These motors consist of stators and rotors only, without shafts, end shields, bearings, or conventional frame (Fig. 20-39). The rotors are mounted directly on a shaft of the driven machine, which must also include a suitable support for the stator and a ventilating arrangement.  

FIGURE 20-39 Cross section of shell-type motor.

The motors are built with relatively small outside diameters but may be slightly longer than standard machines. Furthermore, horsepower ratings over a rather wide range are built in each frame diameter, the ratings for the different diameters overlapping slightly.

Although a great many of the motors used are for operation at standard commercial frequencies giving speeds up to 3600 r/min (on 60 Hz), they are frequently supplied for operation at higher frequencies and correspondingly higher speeds.

Frequencies up to 2000 Hz with a corresponding 2-pole motor speed of 120,000 r/min have been used, but the more common “high” frequencies range from 60 to 240 Hz, giving 2-pole motor speeds up to 14,400 r/min.

Shell-type motors are used principally on machine tools and woodworking machinery. Their relatively small physical size facilitates a compact design with maximum flexibility in arrangement of machine parts.

The small diameter of the motors is of particular value, since it allows close spacing of spindle shafts. The wide range of ratings available in each diameter reduces the cost of providing suitable mountings for the motors.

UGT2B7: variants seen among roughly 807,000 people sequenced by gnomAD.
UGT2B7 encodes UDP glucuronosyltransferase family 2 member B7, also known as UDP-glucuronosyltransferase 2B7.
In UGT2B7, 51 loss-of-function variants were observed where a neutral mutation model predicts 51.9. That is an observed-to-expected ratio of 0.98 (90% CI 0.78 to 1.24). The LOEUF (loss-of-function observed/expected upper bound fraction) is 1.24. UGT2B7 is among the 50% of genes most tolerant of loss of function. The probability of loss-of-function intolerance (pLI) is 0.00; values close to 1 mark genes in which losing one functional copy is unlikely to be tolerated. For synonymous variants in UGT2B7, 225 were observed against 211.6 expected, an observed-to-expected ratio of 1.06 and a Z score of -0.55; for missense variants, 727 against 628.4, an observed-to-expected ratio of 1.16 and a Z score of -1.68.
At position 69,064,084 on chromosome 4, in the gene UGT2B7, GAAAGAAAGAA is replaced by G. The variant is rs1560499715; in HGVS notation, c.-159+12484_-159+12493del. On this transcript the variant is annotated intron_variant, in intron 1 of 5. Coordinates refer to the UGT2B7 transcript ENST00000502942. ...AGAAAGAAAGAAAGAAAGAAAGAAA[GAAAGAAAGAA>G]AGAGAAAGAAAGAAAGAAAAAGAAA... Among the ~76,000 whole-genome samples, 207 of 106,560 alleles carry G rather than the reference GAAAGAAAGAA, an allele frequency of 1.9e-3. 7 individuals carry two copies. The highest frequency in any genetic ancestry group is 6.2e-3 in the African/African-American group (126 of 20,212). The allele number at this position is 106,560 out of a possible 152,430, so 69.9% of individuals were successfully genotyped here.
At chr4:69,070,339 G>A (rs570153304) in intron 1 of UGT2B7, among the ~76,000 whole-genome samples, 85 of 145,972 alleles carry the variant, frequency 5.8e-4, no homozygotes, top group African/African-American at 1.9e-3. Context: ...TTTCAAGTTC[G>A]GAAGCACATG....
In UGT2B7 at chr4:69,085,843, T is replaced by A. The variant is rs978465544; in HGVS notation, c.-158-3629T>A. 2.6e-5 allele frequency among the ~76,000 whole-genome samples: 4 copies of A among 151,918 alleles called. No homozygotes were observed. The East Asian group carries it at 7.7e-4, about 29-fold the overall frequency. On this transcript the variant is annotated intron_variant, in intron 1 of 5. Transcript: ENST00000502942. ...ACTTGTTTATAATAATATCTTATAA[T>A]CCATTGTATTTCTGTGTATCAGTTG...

Motors of similar mechanical construction but with special insulation are used in hermetically sealed refrigeration and air-conditioning compressors, where the motor runs in an atmosphere of refrigerating gas.

The insulation must neither harm nor be harmed by the refrigerant and, so that the refrigerant may be kept clean and dry, must not trap moisture or dirt.

Dimensions. NEMA has standardized mounting dimensions for various types of motors, those standardized for polyphase induction motors covering ratings from 1 to 125 hp (at 1800 r/min). For convenience each set of standardized dimensions has been assigned a frame number, and the various ratings of motors have been assigned frame numbers from the series.

Any motor offered by a manufacturer having a frame number from this series will have the corresponding standardized mounting dimensions. These are listed in NEMA Motor and Generator Standard, Publ. MG1-1987.

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